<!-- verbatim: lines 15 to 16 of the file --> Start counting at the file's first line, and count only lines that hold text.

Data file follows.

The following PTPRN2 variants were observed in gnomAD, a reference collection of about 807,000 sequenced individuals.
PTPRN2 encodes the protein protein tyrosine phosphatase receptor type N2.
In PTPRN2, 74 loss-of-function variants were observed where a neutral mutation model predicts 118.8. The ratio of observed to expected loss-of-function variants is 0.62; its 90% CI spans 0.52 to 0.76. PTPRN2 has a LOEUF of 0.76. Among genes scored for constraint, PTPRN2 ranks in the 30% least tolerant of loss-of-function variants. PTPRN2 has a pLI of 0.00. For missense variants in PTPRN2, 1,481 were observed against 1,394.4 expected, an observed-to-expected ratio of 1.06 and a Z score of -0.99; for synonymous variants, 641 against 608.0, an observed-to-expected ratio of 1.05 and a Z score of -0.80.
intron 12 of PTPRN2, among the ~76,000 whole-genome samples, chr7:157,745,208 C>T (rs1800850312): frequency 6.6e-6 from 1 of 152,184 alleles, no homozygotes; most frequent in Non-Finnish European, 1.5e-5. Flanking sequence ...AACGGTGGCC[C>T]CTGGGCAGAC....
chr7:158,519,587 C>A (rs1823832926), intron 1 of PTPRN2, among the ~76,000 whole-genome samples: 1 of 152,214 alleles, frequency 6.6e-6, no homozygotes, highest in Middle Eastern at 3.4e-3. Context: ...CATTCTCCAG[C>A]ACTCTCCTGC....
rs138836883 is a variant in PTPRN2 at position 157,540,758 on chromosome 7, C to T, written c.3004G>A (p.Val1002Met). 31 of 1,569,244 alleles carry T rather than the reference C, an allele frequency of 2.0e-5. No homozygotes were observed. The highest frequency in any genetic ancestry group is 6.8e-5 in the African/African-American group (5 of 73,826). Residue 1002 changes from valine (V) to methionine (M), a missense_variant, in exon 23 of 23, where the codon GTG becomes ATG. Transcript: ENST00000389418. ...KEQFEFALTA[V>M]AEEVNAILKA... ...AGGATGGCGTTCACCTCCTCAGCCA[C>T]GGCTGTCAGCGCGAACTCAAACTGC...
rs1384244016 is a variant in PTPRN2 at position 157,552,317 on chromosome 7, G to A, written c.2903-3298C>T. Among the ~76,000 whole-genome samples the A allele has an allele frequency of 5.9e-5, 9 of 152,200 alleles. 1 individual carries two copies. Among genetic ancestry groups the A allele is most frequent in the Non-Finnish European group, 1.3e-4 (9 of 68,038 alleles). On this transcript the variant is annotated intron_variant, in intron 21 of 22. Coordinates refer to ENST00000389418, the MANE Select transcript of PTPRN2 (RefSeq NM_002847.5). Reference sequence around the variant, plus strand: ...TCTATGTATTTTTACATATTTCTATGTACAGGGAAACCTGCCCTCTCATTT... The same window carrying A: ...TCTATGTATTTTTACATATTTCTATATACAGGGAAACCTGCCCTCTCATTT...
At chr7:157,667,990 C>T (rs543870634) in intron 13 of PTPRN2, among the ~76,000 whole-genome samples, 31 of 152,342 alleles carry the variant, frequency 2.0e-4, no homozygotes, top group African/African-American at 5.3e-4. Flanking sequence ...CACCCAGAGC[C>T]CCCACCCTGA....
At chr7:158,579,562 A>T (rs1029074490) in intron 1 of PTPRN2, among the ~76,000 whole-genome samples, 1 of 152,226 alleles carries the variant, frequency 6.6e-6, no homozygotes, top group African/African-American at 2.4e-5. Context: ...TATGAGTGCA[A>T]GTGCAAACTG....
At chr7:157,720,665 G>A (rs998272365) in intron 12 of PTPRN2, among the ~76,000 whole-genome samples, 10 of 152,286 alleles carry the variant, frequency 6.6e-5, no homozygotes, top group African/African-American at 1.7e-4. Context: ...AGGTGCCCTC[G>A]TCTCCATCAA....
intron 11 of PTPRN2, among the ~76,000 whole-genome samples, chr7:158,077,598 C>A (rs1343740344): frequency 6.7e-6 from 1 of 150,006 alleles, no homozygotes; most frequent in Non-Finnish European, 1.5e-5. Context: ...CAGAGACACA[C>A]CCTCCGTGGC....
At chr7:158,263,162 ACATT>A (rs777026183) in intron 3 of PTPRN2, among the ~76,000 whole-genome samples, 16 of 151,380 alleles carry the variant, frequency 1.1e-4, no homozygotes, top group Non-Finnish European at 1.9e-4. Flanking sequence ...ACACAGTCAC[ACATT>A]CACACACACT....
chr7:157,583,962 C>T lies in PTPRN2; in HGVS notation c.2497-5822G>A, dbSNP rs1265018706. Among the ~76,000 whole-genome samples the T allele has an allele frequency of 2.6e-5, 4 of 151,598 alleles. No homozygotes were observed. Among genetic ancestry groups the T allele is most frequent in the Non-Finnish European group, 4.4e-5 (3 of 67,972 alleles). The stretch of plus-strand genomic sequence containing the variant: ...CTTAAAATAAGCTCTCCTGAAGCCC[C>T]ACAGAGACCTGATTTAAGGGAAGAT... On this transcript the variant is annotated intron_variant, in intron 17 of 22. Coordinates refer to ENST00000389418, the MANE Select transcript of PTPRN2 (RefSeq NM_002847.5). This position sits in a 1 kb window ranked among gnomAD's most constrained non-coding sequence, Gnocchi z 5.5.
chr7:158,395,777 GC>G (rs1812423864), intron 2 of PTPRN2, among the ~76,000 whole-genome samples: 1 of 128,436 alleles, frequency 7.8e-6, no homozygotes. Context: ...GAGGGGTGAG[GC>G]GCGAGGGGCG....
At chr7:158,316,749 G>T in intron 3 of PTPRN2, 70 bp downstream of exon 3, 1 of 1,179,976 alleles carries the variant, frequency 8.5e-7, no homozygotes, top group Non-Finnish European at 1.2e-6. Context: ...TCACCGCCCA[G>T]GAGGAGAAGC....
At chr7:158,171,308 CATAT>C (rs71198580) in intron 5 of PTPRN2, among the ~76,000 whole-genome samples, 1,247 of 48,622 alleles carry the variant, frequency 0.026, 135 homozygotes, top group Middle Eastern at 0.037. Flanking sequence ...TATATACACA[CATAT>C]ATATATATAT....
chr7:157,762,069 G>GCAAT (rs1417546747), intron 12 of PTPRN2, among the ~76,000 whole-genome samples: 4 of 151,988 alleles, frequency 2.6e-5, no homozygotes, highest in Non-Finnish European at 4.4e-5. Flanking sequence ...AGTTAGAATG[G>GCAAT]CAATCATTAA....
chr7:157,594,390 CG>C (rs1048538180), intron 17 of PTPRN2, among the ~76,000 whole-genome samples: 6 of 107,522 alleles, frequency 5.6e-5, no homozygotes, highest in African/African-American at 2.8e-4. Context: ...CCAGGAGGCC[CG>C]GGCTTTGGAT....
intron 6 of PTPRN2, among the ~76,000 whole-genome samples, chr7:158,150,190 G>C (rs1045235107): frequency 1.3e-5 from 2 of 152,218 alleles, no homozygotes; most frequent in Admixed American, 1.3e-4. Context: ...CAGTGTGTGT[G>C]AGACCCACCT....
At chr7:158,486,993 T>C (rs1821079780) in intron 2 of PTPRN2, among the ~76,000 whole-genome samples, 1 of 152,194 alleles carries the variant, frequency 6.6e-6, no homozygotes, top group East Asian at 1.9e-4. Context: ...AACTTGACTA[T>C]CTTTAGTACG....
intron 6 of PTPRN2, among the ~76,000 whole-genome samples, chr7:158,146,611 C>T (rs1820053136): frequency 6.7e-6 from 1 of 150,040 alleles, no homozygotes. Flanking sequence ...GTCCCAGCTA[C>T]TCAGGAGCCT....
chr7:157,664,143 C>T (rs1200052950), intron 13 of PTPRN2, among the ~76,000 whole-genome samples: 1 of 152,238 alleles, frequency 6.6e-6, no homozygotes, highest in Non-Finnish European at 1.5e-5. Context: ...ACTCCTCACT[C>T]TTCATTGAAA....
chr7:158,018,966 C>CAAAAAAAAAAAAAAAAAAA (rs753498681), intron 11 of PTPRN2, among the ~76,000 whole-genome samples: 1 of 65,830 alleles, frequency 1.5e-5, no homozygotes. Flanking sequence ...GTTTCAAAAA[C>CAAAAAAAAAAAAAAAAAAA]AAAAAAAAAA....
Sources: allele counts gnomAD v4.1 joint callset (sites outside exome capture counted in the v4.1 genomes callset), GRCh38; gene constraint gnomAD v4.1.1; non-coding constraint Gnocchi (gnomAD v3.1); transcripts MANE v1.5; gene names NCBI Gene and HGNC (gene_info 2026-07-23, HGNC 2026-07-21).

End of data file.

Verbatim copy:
At chr7:158,316,749 G>T in intron 3 of PTPRN2, 70 bp downstream of exon 3, 1 of 1,179,976 alleles carries the variant, frequency 8.5e-7, no homozygotes, top group Non-Finnish European at 1.2e-6. Context: ...TCACCGCCCA[G>T]GAGGAGAAGC....
At chr7:158,171,308 CATAT>C (rs71198580) in intron 5 of PTPRN2, among the ~76,000 whole-genome samples, 1,247 of 48,622 alleles carry the variant, frequency 0.026, 135 homozygotes, top group Middle Eastern at 0.037. Flanking sequence ...TATATACACA[CATAT>C]ATATATATAT....